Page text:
‘I want a big black one’ he shouts at his wife even louder this time. Meanwhile, inside the poly-tunnel Carole and I try to suppress our giggles. We have our winner of today’s innuendo bingo competition. We’re helping to repair and recover the metal framework of the garden storage area with new shiny sheets of green plastic and it’s taking all four of us to pull, tug and tease it into place before Dave can drill and screw secure.
We’ve been in Bourniquel for a couple of weeks already and the days are flying by. Bourniquel is a small village in the Dordogne, France, the population numbers about sixty and includes the local countess of the nearby chateau. Our workaway hosts are a lovely English couple, Kate and Dave, who run several high-end gîtes and need help preparing for the impending summer tourist season. In exchange we get to stay in one of the very nice studios and are regularly feed great food.
So far, we’ve concreted in posts for a new fence, built an oak beam wall, painted lots of wood and drunk numerous cups of tea. If you need someone to clean your pool, Carole is now the girl for the job. It’s been a lot of physical labour but very enjoyable and it feels good to do something literally constructive for a change.
We’re challenged to create a garden sculpture from old, broken, plastic water butts and set to work with a jigsaw. Add in some old CDs, spray paint and a log and the result is a large, floppy flower that sparkles in the sunlight, we name it Triffid.
We’ve been on a couple of nice days out to local towns. Our first was to the Sunday market in Issigeac where we discovered the narrow streets were busy and every other voice was an English one. A walk up the steep streets to the top of Beynac was followed by a picnic in La Roque Gageac, ice cream in Domme with spectacular views across the valley then tea in Cadouin.
Hot chocolates were taste tested at cafes in Lalinde on market day, Bergerac and Périgueux where there’s a very nice cathedrale too.
A visit to the Château of Monbazillac was well timed as it coincided with an art exhibition of local artisans who seem to be potters, mostly. In the cellar there’s a wine museum that, although small, was interesting.
On a trip to a local bar in Port de Couze we were introduced to kir, a fruit syrup – in this case blackcurrant – that you add to a glass of white wine with delicious consequences. Positive opinions were confirmed then reinforced with visits to bars in Limeuil – one of France’s most beautiful villages – at English Steve’s place in Molières and a second Friday evening in Couze.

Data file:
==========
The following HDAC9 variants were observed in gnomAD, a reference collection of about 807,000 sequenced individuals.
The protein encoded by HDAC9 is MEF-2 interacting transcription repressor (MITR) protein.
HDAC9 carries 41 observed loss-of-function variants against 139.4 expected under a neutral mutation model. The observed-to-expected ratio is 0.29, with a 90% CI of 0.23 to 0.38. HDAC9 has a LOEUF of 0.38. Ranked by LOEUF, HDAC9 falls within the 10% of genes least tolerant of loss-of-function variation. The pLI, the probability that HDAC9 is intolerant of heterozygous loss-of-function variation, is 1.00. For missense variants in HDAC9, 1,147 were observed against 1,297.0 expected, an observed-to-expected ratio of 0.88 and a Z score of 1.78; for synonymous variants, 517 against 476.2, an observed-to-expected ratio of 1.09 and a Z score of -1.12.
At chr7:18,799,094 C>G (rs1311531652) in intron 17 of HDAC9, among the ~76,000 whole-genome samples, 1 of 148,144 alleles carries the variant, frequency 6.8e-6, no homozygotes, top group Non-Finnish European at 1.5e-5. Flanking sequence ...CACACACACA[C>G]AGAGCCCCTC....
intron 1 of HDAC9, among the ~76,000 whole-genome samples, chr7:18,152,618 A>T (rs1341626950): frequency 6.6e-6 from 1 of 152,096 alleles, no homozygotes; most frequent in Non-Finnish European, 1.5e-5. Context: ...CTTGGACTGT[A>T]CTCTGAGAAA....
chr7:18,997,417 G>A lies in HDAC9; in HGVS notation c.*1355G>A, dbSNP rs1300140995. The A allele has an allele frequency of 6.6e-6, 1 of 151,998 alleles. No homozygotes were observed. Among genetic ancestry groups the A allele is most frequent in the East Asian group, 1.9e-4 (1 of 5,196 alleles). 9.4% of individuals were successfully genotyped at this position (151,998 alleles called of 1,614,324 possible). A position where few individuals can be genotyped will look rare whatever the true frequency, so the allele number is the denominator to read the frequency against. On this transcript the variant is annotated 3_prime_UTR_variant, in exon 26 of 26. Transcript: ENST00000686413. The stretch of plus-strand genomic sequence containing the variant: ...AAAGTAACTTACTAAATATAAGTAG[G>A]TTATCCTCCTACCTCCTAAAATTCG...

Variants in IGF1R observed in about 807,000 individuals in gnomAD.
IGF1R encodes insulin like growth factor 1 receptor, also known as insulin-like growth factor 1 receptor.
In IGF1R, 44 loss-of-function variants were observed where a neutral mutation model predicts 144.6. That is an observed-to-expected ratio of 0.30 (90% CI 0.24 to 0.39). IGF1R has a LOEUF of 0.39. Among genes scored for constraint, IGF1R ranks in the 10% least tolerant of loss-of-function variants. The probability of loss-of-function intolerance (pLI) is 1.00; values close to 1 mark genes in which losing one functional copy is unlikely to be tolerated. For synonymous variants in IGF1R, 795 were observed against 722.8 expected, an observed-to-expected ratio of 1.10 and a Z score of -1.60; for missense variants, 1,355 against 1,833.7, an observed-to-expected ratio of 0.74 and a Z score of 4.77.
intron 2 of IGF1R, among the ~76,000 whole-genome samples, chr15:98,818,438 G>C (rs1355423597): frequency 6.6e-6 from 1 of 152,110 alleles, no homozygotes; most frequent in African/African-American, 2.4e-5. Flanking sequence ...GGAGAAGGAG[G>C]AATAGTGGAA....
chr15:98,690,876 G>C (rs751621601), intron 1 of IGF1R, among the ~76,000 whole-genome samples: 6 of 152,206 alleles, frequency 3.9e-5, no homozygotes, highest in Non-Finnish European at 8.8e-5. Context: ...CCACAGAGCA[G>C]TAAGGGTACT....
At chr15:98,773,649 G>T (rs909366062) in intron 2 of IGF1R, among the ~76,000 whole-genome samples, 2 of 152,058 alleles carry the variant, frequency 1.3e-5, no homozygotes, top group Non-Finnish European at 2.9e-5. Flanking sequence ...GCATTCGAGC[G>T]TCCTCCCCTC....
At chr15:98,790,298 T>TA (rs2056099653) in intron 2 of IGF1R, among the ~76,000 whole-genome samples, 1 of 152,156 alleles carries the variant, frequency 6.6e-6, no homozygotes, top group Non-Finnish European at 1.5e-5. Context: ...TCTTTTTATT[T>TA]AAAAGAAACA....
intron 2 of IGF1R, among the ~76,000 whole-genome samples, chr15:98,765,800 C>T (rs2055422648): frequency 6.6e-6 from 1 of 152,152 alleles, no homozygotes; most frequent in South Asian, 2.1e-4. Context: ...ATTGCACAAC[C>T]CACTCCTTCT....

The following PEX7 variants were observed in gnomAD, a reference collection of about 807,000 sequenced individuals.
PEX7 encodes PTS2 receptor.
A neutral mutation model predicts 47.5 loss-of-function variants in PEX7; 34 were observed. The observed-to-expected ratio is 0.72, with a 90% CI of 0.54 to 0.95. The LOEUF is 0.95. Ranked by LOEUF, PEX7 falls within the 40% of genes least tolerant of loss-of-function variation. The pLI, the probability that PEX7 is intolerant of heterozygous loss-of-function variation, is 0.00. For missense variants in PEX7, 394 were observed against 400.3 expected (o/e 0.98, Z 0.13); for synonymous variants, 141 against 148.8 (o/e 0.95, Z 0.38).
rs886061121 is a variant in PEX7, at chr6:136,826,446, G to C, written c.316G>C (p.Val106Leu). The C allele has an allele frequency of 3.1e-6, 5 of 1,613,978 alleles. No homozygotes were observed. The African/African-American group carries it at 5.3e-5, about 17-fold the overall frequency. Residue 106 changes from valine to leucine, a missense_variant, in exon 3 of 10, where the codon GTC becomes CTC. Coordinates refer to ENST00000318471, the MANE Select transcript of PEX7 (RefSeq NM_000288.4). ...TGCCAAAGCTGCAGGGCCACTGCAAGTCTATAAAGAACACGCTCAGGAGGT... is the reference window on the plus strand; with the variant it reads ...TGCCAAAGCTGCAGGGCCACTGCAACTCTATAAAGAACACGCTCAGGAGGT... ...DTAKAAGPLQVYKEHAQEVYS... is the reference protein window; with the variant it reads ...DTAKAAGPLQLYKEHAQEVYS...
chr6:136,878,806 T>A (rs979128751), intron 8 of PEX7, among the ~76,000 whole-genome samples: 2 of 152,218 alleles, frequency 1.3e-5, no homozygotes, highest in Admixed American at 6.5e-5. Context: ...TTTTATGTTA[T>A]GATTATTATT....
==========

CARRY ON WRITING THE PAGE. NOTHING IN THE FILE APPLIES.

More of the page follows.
The highlight of our stay was without doubt being taken for dinner at a ferme auberge. This particular one is on a duck farm where the farmer supplies many of the ingredients along with the chef, his son. Inside the restaurant was a fascinating, eclectic mix of items collected during their travels including old maps and magazines. There was seating for about twenty guests but today we had the place to ourselves. There’s no menu to read, no dish to decide, you get what the farmer is cooking that day and everyone gets the same.
A carafe of rosé and some water preceded the first course. A delicious creamy garlic soup arrives with bread and is quickly dispatched. Second course is a selection of about eight small tasters including asparagus, guacamole and duck all beautifully displayed with a leafy green salad. Third up is the foie gras served on bread, exquisite to eat and made from the livers of ducks hand-reared on corn by an old lady, just yards (metres) from where we sit. Next up are duck breast medallions cooked to perfection – a melt-in-the-mouth moment – accompanied by the best vegetables and red wine. Cheese followed before a dessert of strawberries with cream. We are satisfied indeed and head home for a snooze.